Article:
Alex has given me hope when I thought my Ironman race season wouldn’t happen due to chronic Achilles issues.
Declan, London

Don’t Ignore Your Dashboard! Stay Proactive Not Reactive!

Q1. Your car’s fuel gauge indicates a 10 mile limit but you want to travel 60 miles, do you?

  1. Pull into a petrol station and fill up. Continue on your journey and get to your destination on time with happy passengers?
  1. Ignore it, chance your luck and end up sitting miserably on the hard shoulder 50 miles away from your destination contemplating how to explain this to the recovery driver when they finally arrive to help?

I’m hoping most of you chose answer A.  Those who opted for B, I hope you have learnt from the first incident and don’t chance it again.

It seems a silly analogy, but we see lots of people at the clinic who have ignored their dashboard.  Regardless of the sport or activity, when it comes to looking after their body far too many people become reactive rather than proactive.

Proactivity of treatment while training makes sure you’re ahead of the injury curve. Take control of the ‘niggles’ or ‘twinges’ before they become a full-blown ‘ouch’ that stops your training in it’s tracks.

But what can help?

  • Identify Your Weaknesses

It’s sometimes easier to ignore the aches when it’s difficult to identify what’s causing them in the first place. Google is a wonderful source of information, but at times it doesn’t quite cut it. Proactivity starts before training starts.

Gait analysis, cycling analysis, bike fitting, technique training, biomechanical assessment. There are options out there. Getting a qualified practitioner to assess you prior to embarking on a big training set can be really useful in identifying risk factors that may predispose you to certain injuries.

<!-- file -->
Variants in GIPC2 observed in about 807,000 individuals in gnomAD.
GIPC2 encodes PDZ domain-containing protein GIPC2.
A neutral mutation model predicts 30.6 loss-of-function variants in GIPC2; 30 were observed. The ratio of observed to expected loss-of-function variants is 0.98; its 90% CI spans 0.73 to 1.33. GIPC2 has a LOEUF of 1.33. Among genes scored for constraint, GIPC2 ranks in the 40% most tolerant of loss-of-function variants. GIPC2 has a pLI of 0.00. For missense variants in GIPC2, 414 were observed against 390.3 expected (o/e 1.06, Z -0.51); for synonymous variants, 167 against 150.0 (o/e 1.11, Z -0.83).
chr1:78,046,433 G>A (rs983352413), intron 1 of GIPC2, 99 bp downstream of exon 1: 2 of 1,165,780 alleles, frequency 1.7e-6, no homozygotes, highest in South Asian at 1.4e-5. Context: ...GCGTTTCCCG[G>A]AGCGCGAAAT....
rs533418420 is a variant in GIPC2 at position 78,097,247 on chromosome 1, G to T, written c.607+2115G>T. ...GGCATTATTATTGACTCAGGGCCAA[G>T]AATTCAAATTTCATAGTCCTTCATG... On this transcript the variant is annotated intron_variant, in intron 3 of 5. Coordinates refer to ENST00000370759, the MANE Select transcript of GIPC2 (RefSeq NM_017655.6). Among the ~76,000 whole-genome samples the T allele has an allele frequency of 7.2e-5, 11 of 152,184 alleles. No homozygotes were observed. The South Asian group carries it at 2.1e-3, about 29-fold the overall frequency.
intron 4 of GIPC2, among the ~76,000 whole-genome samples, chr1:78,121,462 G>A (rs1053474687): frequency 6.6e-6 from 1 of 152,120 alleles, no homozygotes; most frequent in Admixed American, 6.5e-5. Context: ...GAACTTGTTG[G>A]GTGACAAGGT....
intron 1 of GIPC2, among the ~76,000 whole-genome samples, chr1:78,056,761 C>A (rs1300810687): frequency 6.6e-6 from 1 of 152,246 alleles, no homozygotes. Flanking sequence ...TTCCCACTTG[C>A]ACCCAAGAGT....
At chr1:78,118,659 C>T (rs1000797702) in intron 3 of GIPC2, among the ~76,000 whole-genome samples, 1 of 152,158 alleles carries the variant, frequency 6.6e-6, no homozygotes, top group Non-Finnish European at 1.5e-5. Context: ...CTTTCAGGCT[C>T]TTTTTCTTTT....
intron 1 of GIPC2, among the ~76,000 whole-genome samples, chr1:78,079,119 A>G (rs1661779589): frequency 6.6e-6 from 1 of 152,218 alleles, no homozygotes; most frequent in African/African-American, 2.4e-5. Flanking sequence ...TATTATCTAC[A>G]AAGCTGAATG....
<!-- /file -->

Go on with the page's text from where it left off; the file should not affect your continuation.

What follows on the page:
Once you have identified the areas that could be improved on, this can be factored into your training program to reduce injury risk as much as possible.

  • Progressive Training

And so training begins….

Having a training programme to follow can be great for motivation and focus. It gives clear goals and targets along the way and makes sure you don’t stagnate or get bored doing the same old set.

A good training programme will gradually build load and intensity towards your event, limiting the risk of overtraining.  Having a plan and rough gauge of when training is going to get harder or easier also gives you a decent idea of when more of the maintenance work needs to be completed.

  • Foam Rollers & Tennis Balls

As soon as they’re mentioned there is usually a collective groan. Yes, it can be uncomfortable, but using your foam rollers and tennis balls to self-massage aching muscles is a great way to help them recover between training sessions. If you haven’t already, feel free to visit our vimeo page to get some inspiration on how to release certain areas. (

  • Regular Sports Massage

As with the roller and tennis ball, sports massage helps increase circulation and aid muscle recovery. A big benefit though, is that you can communicate with your massage therapist!

A good massage therapist will identify, treat and keep track of tight and sore areas throughout your training.  They’ll help get to the areas where the rollers or balls just don’t fit and be able to pick up on tightnesses that you may not have noticed.

This will all help to guide you to areas that need a little more attention from your roller and tennis ball to maximise you time efficiency.

An extra benefit is that sports massage is often cheaper than physio, so using them to avoid injury and a physio bill is always a bonus!

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